Bare-root transplanting also finds application in large and adult plants including mango trees. Transplanting is the process of moving a plant from one area where it is growing to another area while bareroots are plants that are devoid of soil or any growing medium enclosing the roots. In a way the roots are “bare” or “naked,” as in seedlings that are uprooted by hand.
Bareroot transplanting is most common in backyard gardens, vegetable gardening, and landscaping. Most vegetable seeds are sown first on seedbeds and several days later the seedlings are lifted and transplanted into plots or pots. It is also common in plant nurseries where seeds of certain crops, like mango, should preferably be sown in seedbeds before potting or because there are no available pots, or where there is a program to mass produce potted seedlings using wildlings.
Wildlings are seedlings which naturally grow on forest floors or below the canopy of certain crops. In landscaping, bareroot ornamental plants such as snakeplant (Sansevieria spp.), agaves (Agave spp.), and many tuft-forming plants are normally planted only to be moved later to another location in the landscape.
There are innumerable plant species that can be propagated using wildlings. Examples are coffee, many palms such as rattan, sweet palm, royal palm (Roystonea regia), fan palm (Livistona rotundifolia) and McArthur palm (Ptychosperma macarthurii), and many trees and shrubs including molave (Vitex parviflora).
In 1999, we uprooted Robusta coffee wildlings at least the size of an ordinary pencil at Monkayo, T’boli in South Cotabato. The wildlings were trimmed of excess primary roots, moistened and packed in containers to prevent dehydration, and transported to General Santos City by jeepney without exposing them to the sun. Travel took 2 hours and two minutes halfway through rough road. The wildlings were then potted in black plastic bags. Survival rate was 100% under shade. The potted wildlings remained in the nursery for about 6 months and, subsequently, some were outplanted in June and in the following November to December the plants flowered. The seedlings must have been old, similar to the so-called large planting materials or LPM.
Aside from coffee, we were also successful in transplanting bare-root seedlings of mango and citrus. These were potted seedlings raised in the backyard for about a year. During the onset of the rainy season, these were literally pulled out from their individual pots. Sometimes the pots had to be smashed on the ground to break the hardened soil which held the roots. The seedlings were inserted into a plastic sack, moistened, and the sack was tied close. The seedlings were transported inside a non-airconditioned jeepney for about an hour with an additional hour of walking toward the farm. Immediately upon arrival at the farm, the seedlings were planted. Survival rate was almost perfect. We also tried it on jackfruit seedlings but failed.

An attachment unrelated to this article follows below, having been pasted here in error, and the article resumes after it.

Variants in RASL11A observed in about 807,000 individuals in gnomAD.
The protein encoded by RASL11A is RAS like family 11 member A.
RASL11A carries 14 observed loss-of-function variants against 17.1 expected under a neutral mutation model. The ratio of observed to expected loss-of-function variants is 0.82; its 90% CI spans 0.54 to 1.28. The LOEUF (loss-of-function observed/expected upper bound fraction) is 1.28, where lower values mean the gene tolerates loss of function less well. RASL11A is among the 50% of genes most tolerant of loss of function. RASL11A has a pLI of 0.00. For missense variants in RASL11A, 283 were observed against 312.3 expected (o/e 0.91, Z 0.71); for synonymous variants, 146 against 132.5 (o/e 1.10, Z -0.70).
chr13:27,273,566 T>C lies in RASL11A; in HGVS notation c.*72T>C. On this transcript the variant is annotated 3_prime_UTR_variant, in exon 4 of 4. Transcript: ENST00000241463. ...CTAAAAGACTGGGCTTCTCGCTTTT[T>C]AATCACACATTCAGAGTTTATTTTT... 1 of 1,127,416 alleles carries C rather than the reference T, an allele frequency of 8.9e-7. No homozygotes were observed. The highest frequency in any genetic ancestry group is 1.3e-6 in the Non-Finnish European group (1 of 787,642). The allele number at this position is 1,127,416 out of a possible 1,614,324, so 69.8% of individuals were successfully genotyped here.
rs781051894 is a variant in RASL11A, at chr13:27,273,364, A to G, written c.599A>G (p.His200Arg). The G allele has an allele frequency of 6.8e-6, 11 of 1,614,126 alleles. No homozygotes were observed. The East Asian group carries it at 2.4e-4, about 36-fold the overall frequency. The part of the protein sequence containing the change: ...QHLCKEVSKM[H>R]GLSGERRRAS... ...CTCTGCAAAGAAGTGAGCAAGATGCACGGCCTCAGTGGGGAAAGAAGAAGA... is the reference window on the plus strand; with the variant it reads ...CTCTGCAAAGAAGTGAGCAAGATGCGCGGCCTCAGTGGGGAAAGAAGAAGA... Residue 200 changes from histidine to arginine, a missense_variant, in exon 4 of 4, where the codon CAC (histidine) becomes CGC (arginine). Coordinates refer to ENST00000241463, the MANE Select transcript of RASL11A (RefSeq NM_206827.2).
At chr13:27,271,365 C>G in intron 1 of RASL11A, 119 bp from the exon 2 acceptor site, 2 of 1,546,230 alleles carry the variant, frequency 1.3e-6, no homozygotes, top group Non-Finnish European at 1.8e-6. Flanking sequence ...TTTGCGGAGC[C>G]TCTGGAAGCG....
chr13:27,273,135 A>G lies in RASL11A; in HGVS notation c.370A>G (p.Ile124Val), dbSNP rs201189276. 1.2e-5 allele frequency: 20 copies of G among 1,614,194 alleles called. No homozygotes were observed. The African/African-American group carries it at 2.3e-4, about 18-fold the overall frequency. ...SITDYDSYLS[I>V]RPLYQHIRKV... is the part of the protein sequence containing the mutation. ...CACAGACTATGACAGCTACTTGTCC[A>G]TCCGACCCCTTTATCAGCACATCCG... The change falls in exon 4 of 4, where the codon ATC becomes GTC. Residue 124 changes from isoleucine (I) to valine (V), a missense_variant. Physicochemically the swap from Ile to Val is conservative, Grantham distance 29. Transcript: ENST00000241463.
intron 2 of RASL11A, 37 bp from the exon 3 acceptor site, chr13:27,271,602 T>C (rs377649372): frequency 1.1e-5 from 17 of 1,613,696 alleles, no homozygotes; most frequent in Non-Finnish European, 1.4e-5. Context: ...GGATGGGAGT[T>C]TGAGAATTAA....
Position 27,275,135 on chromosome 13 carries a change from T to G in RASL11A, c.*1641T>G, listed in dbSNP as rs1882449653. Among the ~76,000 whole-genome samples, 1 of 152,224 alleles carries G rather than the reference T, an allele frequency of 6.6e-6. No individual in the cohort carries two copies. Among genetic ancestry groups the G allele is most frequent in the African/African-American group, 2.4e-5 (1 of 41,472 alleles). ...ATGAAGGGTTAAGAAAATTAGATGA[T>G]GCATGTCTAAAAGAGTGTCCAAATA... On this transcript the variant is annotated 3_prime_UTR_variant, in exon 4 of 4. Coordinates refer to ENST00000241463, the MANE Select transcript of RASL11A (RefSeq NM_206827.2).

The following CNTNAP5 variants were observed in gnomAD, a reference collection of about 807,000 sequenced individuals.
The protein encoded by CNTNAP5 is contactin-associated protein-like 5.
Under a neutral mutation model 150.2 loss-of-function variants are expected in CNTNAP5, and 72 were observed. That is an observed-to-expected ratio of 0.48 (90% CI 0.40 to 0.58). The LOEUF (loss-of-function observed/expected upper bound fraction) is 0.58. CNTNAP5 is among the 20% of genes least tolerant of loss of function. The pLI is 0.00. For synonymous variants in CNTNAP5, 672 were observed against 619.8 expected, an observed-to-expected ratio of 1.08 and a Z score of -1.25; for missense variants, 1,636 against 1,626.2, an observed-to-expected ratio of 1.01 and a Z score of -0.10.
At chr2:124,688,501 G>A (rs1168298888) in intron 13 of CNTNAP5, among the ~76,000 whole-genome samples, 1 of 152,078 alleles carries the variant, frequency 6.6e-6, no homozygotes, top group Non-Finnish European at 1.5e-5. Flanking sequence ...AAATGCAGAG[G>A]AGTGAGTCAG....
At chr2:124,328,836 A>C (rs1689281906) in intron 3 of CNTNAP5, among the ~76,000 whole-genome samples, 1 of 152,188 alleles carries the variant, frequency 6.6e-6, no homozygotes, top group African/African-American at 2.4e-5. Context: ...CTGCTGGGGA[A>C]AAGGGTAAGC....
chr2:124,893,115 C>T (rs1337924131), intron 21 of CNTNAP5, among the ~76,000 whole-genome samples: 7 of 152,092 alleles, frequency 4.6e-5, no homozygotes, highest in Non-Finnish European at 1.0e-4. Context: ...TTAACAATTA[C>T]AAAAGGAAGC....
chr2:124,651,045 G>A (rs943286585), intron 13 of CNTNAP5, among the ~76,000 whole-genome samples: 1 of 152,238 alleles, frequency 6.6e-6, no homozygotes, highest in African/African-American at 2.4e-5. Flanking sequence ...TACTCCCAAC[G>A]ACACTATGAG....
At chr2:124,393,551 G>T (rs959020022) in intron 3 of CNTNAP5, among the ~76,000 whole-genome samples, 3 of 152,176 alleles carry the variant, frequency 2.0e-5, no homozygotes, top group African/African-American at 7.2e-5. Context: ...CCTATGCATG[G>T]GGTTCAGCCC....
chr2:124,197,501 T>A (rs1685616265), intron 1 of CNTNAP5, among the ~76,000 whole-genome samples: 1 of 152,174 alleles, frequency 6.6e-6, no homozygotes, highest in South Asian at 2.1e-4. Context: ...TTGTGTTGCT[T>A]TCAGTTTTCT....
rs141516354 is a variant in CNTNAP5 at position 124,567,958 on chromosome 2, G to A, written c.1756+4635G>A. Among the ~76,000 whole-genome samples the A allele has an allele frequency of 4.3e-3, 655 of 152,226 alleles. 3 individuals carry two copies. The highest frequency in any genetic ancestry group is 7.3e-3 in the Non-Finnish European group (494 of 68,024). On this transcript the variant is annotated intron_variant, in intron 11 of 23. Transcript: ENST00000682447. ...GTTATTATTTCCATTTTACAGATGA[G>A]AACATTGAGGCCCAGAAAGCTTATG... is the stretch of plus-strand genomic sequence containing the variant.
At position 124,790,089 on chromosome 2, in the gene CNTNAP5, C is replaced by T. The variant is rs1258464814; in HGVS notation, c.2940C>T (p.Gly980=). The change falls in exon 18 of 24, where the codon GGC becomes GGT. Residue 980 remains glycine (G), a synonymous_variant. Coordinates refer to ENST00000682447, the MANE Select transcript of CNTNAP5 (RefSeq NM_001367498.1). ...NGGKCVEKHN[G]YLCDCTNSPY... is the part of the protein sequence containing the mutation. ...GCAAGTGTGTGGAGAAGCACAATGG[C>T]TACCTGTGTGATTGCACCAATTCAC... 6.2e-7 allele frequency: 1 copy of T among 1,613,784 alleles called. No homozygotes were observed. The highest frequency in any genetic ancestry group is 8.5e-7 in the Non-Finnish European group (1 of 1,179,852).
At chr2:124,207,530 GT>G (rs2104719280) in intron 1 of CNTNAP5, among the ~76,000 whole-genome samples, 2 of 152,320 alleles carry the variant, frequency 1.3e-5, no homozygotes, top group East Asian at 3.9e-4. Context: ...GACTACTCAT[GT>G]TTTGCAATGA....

But bare-root transplanting is not only for seedlings. We have applied it also to mature plants such as molave, Dadiangas tree (Gmelina sp.) and bougainvilla, and to fruit trees and shrubs like mango, soursop (Annona muricata), kamias (Averrhoa bilimbi), guava (Psidium guajava), and Barbados cherry (Malpighia glabra). For centuries in fact, the use of bareroots in plant propagation has become a part of the amazing art of bonsai which now includes large bonsai generally consisting of tree specimens above one meter in height.
My friend Efren Sioquim excavated two adult mango trees (Mangifera indica), cut the primary root and the shoot leaving only short stubs of the lowermost scaffold branches, and transplanted them a short distance away in open sun. These mango trees were 12 years old but quite small in size with trunk diameter of about 15 cm (6 in) above the graft union. They were among those planted with short spacing of 5 meters in an area where water is scarce. The canopies having overlapped, they were intended to be removed as part of thinning operation in order to disperse the remaining trees.
Growth was rapid. In just two years, these transplanted mango trees started flowering. In June 2011, the trees successfully responded to chemical floral induction. This indicates that bare-root transplanting has vast potential in rescuing mature trees from total elimination as a result of thinning or any activity that may render them useless such as urban development or road construction.
To be clear, however, bare-root transplanting is not always a sure thing especially with large trees. The success story on adult mango and others mentioned above should rather be considered as an exception rather than a rule. The author here is totally aware that the technology needs plenty more efforts to perfect. He himself has in fact his own share of failures in applying the technology to many plants.